Monday, June 21, 2010

Make: Brownie Pops

As promised, here's an update about the brownie pops I made yesterday. Obviously, these are not Halloween-y, but it would be very easy to make the simple adorned version Halloween themed, with candy melts & sprinkles in the right colors.

  • 8-cavity Brownie Pop mold. I used 50%-off coupons at Michaels to get two of them for the price of one (2 visits). The family-size mix makes almost 2 dozen pops, so two molds makes it go a little faster.
  • Brownie batter (Using a mix, I followed the directions for "cake-like" brownies because I read somewhere that they might be better for the pops. I'm not convinced (more on that later).)
  • Non-stick spray. Essential.
  • Lollipop sticks. Buy more than you think you need. Including goofs, I used more than 50 for 2 mixes.
  • Candy melts. If you want to have the sticks coming out the small end, like most of the online images show, get "chocolate" to help hold the sticks in place. I didn't have great luck with that, but all I had was white and held back. Ignore the frosting. I had this idea that warmed frosting (thins it out) would work. Not so much. It does okay for some other treats, and in other seasons, but you really want the candy melts.
  • Sprinkles. Your choice,
  • A method to melt the candy and keep it liquid for dipping. My "double boiler" is a small pan, with some water in the bottom (keep an eye on that), a stainless steel bowl nestled well inside (above the water), and a small paper bowl inside that (easier clean-up).
  • Treat bags and something to tie.
  • Something to stick the pops in while the candy dries. I used a slab of foam, covered with foil.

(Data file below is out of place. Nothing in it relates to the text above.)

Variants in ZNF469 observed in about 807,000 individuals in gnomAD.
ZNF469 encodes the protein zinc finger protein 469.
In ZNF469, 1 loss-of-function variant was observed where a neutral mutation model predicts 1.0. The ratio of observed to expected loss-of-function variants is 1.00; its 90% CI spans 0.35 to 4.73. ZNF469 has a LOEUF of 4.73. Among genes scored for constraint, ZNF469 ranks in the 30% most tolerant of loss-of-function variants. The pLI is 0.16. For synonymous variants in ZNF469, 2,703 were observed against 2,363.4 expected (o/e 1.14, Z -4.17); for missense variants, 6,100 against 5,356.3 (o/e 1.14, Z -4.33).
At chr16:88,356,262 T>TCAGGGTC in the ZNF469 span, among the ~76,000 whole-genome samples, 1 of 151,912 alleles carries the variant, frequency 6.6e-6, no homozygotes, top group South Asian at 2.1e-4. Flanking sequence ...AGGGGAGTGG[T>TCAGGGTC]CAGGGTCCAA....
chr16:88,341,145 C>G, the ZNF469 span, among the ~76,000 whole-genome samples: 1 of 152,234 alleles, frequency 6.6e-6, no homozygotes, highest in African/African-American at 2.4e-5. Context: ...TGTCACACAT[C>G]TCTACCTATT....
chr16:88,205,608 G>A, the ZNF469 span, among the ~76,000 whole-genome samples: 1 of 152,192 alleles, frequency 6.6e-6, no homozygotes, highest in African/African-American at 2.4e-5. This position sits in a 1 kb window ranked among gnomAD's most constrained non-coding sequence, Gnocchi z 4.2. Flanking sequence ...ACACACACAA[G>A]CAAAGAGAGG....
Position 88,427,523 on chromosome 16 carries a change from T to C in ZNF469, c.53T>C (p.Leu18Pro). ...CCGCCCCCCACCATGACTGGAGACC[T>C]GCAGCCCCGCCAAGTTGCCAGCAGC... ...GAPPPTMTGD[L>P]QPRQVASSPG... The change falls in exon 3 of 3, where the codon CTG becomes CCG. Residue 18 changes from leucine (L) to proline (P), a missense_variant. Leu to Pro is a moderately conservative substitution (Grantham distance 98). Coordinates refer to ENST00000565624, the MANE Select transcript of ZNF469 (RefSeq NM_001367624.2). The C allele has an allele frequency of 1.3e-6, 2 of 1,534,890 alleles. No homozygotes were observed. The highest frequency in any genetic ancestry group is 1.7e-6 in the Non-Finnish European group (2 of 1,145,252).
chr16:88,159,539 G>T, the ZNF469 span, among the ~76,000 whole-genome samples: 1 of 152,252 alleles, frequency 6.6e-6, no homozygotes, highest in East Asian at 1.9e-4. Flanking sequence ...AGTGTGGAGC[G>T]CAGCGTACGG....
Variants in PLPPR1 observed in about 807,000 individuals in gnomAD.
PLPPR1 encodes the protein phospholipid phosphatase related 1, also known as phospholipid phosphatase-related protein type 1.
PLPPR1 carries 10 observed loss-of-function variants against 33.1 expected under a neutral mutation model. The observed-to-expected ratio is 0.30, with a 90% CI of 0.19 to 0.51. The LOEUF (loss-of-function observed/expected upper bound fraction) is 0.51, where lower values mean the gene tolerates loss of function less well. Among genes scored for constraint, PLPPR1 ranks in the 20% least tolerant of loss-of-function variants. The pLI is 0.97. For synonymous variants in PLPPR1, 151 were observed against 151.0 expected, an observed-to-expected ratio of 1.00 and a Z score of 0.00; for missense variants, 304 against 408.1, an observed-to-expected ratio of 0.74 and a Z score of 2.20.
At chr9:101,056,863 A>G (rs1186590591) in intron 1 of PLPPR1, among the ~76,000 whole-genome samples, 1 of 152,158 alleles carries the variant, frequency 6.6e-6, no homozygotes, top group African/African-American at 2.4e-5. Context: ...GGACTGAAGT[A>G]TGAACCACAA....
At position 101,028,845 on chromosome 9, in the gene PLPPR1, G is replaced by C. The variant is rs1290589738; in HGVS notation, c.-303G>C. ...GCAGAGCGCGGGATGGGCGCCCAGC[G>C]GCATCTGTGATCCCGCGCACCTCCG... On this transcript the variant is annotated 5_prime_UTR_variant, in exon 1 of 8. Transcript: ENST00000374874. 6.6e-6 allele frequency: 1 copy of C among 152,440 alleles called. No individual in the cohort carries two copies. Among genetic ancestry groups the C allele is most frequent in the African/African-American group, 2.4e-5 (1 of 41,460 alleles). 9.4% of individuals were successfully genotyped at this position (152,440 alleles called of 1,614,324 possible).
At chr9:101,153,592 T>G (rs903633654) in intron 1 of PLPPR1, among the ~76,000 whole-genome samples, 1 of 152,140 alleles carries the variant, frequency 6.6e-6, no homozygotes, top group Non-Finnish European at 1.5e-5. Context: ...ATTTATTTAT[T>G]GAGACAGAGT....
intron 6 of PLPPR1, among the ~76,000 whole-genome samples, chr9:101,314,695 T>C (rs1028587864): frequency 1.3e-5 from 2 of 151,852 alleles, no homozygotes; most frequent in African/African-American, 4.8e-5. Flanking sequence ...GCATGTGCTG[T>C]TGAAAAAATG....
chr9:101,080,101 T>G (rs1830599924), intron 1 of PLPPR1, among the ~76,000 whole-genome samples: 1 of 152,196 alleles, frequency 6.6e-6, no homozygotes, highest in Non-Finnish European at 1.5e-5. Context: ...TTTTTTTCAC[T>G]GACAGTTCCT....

The jury is still out for me. The cutest pops (seen online) require that you bake the brownies and let them cool, then insert the stick with some candy melted on the end to keep it in place. I didn't have great luck with that, and only had the white candy, so it looked odd. Maybe I didn't use enough because of that? For me, the best way was to follow the package direction: bake for about 15 minutes, insert the sticks and bake for another 10 minutes or so. (I also realized I might never have enough patience to make the little ghosts and people were just going to eat them anyway!)

Ignore that little rim inside the mold cavity, if you think it's a fill line. It's really, really not. You want to stop adding batter when there's about as much space below the line as there is above it. Unless the fact that I added an extra egg for "cake-like brownies" made it puff up that much. It seemed impossible to keep the brownies from puffing up a lot near the end and shifting in the pan (way-crooked sticks!). Next time, I'll skip the extra egg and see if that helps. Note: if you want to use a stick in the small end, you CANNOT trim the wider end so it looks more even. You need that crust to stop the stick from poking through.

Let the pops cool completely before you start to decorate, especially if you're going to use a foam block to have the pops stand up while they set. (Lesson learned: let the pops cool while lying flat. Gravity will pull the brownie down the stick if it's still warm and extra moist inside.)

Someday, I'm going to get one of those special candy melt pots and will be able to dip the entire pop. But my current method, mentioned above, really only let me get a bit of the pop coated, which still looks pretty fun. I left a few undecorated, and about as many with just the candy and no sprinkles, and dipped the rest in colorful or chocolate sprinkles.

Once the candy is set (may require some refrigeration), you can wrap each with a treat bag (lollipop size) and tie it shut. The event these are for isn't for a couple of days, but I took the rejects to work today (the ones with the frosting) and they were a pretty big hit.

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